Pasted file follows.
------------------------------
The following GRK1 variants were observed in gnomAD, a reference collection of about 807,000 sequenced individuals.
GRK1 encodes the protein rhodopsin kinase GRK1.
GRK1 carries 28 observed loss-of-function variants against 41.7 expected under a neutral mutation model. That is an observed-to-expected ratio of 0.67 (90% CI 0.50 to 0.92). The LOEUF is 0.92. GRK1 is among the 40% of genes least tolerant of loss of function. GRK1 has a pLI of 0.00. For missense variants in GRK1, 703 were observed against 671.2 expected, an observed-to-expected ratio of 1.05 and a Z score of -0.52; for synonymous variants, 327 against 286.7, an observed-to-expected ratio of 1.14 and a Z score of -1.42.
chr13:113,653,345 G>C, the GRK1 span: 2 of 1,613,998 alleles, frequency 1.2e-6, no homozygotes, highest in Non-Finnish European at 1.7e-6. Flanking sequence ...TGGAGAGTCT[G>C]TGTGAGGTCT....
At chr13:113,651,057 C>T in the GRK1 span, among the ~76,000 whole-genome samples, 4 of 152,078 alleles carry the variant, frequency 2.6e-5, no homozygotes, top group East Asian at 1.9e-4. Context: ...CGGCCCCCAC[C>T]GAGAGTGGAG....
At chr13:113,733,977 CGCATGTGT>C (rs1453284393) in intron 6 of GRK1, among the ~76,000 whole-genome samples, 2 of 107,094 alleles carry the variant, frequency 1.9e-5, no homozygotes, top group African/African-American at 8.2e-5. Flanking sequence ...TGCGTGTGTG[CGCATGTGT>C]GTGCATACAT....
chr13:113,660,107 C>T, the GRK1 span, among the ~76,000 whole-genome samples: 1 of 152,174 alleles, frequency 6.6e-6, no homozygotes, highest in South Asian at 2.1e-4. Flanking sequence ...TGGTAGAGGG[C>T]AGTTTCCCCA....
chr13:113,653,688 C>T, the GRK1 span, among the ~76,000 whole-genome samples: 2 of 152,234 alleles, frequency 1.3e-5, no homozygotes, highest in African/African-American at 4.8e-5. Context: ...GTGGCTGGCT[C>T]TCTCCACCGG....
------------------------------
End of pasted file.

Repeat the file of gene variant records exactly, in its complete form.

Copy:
The following GRK1 variants were observed in gnomAD, a reference collection of about 807,000 sequenced individuals.
GRK1 encodes the protein rhodopsin kinase GRK1.
GRK1 carries 28 observed loss-of-function variants against 41.7 expected under a neutral mutation model. That is an observed-to-expected ratio of 0.67 (90% CI 0.50 to 0.92). The LOEUF is 0.92. GRK1 is among the 40% of genes least tolerant of loss of function. GRK1 has a pLI of 0.00. For missense variants in GRK1, 703 were observed against 671.2 expected, an observed-to-expected ratio of 1.05 and a Z score of -0.52; for synonymous variants, 327 against 286.7, an observed-to-expected ratio of 1.14 and a Z score of -1.42.
chr13:113,653,345 G>C, the GRK1 span: 2 of 1,613,998 alleles, frequency 1.2e-6, no homozygotes, highest in Non-Finnish European at 1.7e-6. Flanking sequence ...TGGAGAGTCT[G>C]TGTGAGGTCT....
At chr13:113,651,057 C>T in the GRK1 span, among the ~76,000 whole-genome samples, 4 of 152,078 alleles carry the variant, frequency 2.6e-5, no homozygotes, top group East Asian at 1.9e-4. Context: ...CGGCCCCCAC[C>T]GAGAGTGGAG....
At chr13:113,733,977 CGCATGTGT>C (rs1453284393) in intron 6 of GRK1, among the ~76,000 whole-genome samples, 2 of 107,094 alleles carry the variant, frequency 1.9e-5, no homozygotes, top group African/African-American at 8.2e-5. Flanking sequence ...TGCGTGTGTG[CGCATGTGT>C]GTGCATACAT....
chr13:113,660,107 C>T, the GRK1 span, among the ~76,000 whole-genome samples: 1 of 152,174 alleles, frequency 6.6e-6, no homozygotes, highest in South Asian at 2.1e-4. Flanking sequence ...TGGTAGAGGG[C>T]AGTTTCCCCA....
chr13:113,653,688 C>T, the GRK1 span, among the ~76,000 whole-genome samples: 2 of 152,234 alleles, frequency 1.3e-5, no homozygotes, highest in African/African-American at 4.8e-5. Context: ...GTGGCTGGCT[C>T]TCTCCACCGG....